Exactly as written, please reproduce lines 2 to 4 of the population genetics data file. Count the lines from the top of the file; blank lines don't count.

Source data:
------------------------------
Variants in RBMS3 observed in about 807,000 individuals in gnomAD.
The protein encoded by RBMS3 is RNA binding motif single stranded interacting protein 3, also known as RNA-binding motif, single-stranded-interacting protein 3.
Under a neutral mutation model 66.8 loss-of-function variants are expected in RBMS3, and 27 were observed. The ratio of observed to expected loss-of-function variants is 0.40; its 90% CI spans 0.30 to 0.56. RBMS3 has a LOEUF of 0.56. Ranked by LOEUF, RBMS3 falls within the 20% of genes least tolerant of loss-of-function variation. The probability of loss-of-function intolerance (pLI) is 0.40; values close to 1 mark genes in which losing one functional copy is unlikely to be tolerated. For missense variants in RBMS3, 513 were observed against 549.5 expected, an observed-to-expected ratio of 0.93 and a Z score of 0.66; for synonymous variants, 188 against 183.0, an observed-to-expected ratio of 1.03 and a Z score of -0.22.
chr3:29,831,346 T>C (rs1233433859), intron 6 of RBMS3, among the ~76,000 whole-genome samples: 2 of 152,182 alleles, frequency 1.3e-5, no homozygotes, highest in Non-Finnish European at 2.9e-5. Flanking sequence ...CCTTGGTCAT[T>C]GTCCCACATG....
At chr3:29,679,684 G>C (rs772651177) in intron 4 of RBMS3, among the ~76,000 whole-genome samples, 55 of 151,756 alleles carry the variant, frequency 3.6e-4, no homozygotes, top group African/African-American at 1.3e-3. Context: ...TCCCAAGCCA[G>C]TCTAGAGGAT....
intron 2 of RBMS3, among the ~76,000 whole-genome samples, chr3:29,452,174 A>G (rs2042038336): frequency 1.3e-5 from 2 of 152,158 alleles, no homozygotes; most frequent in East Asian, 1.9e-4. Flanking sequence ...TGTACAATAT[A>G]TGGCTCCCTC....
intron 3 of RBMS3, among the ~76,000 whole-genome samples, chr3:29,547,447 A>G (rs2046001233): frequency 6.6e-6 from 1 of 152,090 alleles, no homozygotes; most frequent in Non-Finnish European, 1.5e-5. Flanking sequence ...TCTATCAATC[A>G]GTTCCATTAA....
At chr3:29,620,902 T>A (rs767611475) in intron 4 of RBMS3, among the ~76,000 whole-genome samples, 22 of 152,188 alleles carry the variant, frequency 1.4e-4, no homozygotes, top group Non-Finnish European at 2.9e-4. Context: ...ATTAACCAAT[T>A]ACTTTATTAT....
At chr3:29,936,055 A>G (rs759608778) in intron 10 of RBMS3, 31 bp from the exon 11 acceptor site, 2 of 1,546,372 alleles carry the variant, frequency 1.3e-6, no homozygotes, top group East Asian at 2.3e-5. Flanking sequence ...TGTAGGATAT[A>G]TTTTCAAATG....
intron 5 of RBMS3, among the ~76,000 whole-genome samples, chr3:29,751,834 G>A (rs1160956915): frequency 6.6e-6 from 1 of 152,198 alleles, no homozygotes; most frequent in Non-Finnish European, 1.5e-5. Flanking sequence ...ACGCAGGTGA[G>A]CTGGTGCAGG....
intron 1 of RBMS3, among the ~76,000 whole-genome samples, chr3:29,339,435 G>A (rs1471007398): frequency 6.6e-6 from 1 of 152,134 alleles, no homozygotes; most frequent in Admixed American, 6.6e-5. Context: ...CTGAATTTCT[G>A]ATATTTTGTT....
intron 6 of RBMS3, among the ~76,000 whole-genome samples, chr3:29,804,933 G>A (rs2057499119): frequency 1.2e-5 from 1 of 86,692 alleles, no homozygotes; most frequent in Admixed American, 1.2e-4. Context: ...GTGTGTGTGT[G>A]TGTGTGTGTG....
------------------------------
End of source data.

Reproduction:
The protein encoded by RBMS3 is RNA binding motif single stranded interacting protein 3, also known as RNA-binding motif, single-stranded-interacting protein 3.
Under a neutral mutation model 66.8 loss-of-function variants are expected in RBMS3, and 27 were observed. The ratio of observed to expected loss-of-function variants is 0.40; its 90% CI spans 0.30 to 0.56. RBMS3 has a LOEUF of 0.56. Ranked by LOEUF, RBMS3 falls within the 20% of genes least tolerant of loss-of-function variation. The probability of loss-of-function intolerance (pLI) is 0.40; values close to 1 mark genes in which losing one functional copy is unlikely to be tolerated. For missense variants in RBMS3, 513 were observed against 549.5 expected, an observed-to-expected ratio of 0.93 and a Z score of 0.66; for synonymous variants, 188 against 183.0, an observed-to-expected ratio of 1.03 and a Z score of -0.22.
chr3:29,831,346 T>C (rs1233433859), intron 6 of RBMS3, among the ~76,000 whole-genome samples: 2 of 152,182 alleles, frequency 1.3e-5, no homozygotes, highest in Non-Finnish European at 2.9e-5. Flanking sequence ...CCTTGGTCAT[T>C]GTCCCACATG....